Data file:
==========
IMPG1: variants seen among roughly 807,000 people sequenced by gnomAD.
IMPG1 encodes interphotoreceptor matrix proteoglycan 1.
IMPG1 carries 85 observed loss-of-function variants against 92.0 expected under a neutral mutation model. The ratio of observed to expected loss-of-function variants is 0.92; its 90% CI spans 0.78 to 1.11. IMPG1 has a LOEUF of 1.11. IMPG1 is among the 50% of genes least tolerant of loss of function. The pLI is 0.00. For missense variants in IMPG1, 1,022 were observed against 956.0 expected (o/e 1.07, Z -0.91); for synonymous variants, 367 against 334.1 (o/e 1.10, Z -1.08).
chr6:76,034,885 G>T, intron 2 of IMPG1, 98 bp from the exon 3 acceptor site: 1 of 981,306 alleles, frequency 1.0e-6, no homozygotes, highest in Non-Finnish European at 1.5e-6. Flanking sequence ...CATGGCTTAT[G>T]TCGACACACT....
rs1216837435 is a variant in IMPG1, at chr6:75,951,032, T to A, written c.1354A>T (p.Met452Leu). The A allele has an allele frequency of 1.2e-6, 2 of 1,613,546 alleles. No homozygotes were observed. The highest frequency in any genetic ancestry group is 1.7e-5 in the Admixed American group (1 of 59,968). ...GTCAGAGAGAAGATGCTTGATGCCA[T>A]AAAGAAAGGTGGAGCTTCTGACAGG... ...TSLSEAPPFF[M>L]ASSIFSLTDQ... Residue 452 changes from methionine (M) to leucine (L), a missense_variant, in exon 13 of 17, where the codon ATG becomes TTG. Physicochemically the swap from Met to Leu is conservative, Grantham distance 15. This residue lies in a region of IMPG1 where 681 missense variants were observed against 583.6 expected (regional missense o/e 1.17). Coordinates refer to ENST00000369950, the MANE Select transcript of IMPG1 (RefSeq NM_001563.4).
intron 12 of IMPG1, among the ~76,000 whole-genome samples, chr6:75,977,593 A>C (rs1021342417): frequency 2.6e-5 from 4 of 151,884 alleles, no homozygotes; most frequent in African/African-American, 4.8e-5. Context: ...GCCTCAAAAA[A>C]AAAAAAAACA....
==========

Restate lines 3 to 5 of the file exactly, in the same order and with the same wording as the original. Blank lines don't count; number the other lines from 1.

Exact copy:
IMPG1 carries 85 observed loss-of-function variants against 92.0 expected under a neutral mutation model. The ratio of observed to expected loss-of-function variants is 0.92; its 90% CI spans 0.78 to 1.11. IMPG1 has a LOEUF of 1.11. IMPG1 is among the 50% of genes least tolerant of loss of function. The pLI is 0.00. For missense variants in IMPG1, 1,022 were observed against 956.0 expected (o/e 1.07, Z -0.91); for synonymous variants, 367 against 334.1 (o/e 1.10, Z -1.08).
chr6:76,034,885 G>T, intron 2 of IMPG1, 98 bp from the exon 3 acceptor site: 1 of 981,306 alleles, frequency 1.0e-6, no homozygotes, highest in Non-Finnish European at 1.5e-6. Flanking sequence ...CATGGCTTAT[G>T]TCGACACACT....
rs1216837435 is a variant in IMPG1, at chr6:75,951,032, T to A, written c.1354A>T (p.Met452Leu). The A allele has an allele frequency of 1.2e-6, 2 of 1,613,546 alleles. No homozygotes were observed. The highest frequency in any genetic ancestry group is 1.7e-5 in the Admixed American group (1 of 59,968). ...GTCAGAGAGAAGATGCTTGATGCCA[T>A]AAAGAAAGGTGGAGCTTCTGACAGG... ...TSLSEAPPFF[M>L]ASSIFSLTDQ... Residue 452 changes from methionine (M) to leucine (L), a missense_variant, in exon 13 of 17, where the codon ATG becomes TTG. Physicochemically the swap from Met to Leu is conservative, Grantham distance 15. This residue lies in a region of IMPG1 where 681 missense variants were observed against 583.6 expected (regional missense o/e 1.17). Coordinates refer to ENST00000369950, the MANE Select transcript of IMPG1 (RefSeq NM_001563.4).